Seminarians Not Considered Endangered Species

Future Focolare Priests Gather at Castel Gandolfo

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ROME, JAN. 9, 2009 (Zenit.org).- Seminarians aren't a type of endangered species, explained a Vatican aide, citing that the number of seminarians worldwide rose from 50,000 some decades ago, to 72,000 today.



This was one of the main points offered by theologian Hubertus Blaumeiser, an assessor of the Vatican Congregation for Catholic Education, during the 5th International Encounter of seminarians from the Focolare Movement. The meeting was held at Castel Gandolfo earlier this month.

Blaumeiser noted the significant rise in the number of seminarians in Latin America, Africa and Asia, while acknowledging the marked decrease in their number in Europe.

He was speaking to some 500 seminarians during the conference, which had the theme "There Is a Path: The Challenge of Human Relationships." The talks centered on the human and spiritual formation of the seminarians to better serve relationships among the faithful.

Blaumeiser affirmed that "to be a priest no longer offers a privileged position, but rather demands a counter-cultural choice, a deeper decision for God."

For his part, Andreas Tapken, psychologist and rector of a seminary of Munster, Germany, cautioned against the risk of living celibacy as "repressed affectivity" or a "reduced way of life." On the contrary, he said, the priestly vocation should "respond to the expectations of a society ever more closed in privacy, in an individualism that isolates in solitude and makes us incapable of opening ourselves to the discovery of the other."

"Priests," he said, "are celibates, not old bachelors."

Whole person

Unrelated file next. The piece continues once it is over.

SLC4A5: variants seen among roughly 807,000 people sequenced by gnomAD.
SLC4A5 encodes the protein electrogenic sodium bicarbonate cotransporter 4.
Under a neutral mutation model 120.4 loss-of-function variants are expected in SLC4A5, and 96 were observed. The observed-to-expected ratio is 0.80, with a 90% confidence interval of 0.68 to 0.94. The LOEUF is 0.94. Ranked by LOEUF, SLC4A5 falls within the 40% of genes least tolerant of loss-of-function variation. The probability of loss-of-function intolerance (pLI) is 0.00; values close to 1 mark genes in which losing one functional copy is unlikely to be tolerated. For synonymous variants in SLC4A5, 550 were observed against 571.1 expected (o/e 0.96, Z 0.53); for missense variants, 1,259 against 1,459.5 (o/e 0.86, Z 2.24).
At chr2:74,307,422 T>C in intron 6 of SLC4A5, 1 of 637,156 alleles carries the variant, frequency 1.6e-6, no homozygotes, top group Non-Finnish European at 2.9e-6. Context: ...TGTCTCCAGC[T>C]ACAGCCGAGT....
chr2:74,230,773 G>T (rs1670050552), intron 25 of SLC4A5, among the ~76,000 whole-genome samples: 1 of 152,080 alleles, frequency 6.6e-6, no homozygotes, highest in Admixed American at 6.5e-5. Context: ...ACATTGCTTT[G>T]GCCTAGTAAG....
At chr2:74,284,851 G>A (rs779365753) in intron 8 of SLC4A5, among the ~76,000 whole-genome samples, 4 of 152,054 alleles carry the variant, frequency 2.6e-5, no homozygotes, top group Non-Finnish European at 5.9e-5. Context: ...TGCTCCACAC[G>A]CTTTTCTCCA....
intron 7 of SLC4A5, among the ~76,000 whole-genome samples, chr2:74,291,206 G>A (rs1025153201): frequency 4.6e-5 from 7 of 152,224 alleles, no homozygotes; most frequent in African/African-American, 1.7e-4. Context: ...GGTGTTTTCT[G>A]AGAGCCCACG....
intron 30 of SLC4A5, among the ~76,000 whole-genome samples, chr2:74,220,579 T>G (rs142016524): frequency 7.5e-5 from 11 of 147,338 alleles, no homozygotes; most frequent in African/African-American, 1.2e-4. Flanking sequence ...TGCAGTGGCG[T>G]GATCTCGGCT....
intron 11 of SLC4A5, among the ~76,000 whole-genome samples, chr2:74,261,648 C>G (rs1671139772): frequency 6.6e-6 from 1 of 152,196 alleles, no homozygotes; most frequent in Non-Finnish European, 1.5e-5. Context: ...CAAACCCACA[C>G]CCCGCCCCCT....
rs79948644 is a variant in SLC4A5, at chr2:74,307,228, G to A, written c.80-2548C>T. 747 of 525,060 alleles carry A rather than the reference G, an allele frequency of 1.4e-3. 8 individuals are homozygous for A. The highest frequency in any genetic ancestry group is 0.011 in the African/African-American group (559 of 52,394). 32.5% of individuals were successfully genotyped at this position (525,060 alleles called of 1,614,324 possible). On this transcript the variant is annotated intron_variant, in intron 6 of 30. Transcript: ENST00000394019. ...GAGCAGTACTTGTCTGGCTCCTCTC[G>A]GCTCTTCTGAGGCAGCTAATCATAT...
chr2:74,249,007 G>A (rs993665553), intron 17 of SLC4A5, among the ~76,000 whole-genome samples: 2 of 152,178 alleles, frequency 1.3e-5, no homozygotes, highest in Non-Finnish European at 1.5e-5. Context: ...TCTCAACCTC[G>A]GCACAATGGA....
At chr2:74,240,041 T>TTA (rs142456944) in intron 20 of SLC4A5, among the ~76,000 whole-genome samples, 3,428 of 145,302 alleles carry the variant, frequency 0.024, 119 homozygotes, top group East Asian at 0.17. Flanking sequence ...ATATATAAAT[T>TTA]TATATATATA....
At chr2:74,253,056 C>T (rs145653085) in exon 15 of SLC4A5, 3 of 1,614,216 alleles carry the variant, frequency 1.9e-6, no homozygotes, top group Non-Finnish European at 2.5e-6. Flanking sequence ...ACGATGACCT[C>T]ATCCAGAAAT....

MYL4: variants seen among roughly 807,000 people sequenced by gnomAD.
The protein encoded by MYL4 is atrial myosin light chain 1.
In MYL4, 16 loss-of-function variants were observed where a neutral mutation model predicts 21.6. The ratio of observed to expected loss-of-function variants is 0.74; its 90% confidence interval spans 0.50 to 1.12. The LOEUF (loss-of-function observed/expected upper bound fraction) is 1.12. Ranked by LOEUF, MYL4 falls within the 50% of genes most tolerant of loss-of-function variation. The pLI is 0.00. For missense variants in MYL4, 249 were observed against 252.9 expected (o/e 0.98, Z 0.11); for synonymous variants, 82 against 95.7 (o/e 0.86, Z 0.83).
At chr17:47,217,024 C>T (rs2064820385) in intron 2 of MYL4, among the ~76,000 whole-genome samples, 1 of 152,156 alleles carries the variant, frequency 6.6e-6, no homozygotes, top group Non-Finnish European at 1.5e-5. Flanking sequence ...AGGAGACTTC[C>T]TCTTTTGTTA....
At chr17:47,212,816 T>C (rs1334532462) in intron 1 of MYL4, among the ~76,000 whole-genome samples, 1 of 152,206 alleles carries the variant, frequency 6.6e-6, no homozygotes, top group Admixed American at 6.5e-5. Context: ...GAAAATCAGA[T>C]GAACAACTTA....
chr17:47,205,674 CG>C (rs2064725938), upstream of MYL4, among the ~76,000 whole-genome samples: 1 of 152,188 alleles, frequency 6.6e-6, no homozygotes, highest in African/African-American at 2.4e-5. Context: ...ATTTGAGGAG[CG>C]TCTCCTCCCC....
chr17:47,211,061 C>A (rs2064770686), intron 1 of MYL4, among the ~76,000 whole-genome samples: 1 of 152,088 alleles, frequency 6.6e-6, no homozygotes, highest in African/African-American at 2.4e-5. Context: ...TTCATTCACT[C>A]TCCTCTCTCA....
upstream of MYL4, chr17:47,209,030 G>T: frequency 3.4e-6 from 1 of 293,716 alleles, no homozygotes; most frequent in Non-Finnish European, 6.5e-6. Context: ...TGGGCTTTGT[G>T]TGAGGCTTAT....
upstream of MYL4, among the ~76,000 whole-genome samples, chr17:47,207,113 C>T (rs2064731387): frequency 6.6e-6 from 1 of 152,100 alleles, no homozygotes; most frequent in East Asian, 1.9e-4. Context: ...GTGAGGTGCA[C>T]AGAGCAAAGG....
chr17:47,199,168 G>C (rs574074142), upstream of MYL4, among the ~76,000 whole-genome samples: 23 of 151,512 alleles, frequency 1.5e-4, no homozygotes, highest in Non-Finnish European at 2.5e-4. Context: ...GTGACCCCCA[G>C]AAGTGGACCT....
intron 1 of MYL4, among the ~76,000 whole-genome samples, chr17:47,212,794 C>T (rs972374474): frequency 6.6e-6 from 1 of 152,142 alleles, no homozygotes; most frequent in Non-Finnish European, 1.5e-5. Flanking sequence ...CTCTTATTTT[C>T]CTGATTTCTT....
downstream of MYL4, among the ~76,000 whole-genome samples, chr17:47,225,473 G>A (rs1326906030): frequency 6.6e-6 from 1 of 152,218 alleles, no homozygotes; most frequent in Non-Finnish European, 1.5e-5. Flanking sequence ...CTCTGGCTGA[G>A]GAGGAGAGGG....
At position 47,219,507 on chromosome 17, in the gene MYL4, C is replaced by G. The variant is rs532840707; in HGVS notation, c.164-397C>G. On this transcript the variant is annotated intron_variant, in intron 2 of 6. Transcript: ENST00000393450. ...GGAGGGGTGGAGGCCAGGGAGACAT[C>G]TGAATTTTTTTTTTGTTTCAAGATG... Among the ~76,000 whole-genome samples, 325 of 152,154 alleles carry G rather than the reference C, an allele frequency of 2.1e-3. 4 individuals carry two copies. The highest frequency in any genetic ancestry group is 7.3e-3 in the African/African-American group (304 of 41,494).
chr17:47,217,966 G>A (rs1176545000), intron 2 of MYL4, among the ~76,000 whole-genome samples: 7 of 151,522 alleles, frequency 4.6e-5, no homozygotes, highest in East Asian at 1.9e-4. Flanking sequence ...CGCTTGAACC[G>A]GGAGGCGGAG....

The prefect of the Congregation for Catholic Education, Cardinal Zenon Grocholewski, gave the homily at the closing Mass of the conference. He stated that priests are called to "construct a web of relationships interwoven by evangelical love -- above all the relationship with Christ, with the bishop and with other priests, with the entire community of faithful, in short, with the whole of humanity."

Cardinal Grocholewski, citing Focolare Founder Chiara Lubich, invited the seminarians to "make their own the sorrows of the world, like Jesus did on the cross, who with the cry of abandonment, united men with God and among themselves."

For her part, María Voce, president of the Focolare Movement, invited the students to live, "each in their own environment, the art of loving, inspiring many living cells, such that in the seminaries, in the theology faculties, in the parishes, or wherever, the living presence of Christ is noticed."

Voce urged the seminarians to form a "net of unity," the same proposal offered by Lubich 40 years ago, which gave rise to Focolare's priestly branch.

"With the spirit of unity, young seminarians will not only save their vocations, but will arouse during the period of the seminary an irradiation of unity such that they will attract many other youth," she said.

The conference concluded with an encounter with Benedict XVI in St. Peter's Square for the praying of the midday Angelus. The Pope offered the seminarians his blessing on their journey.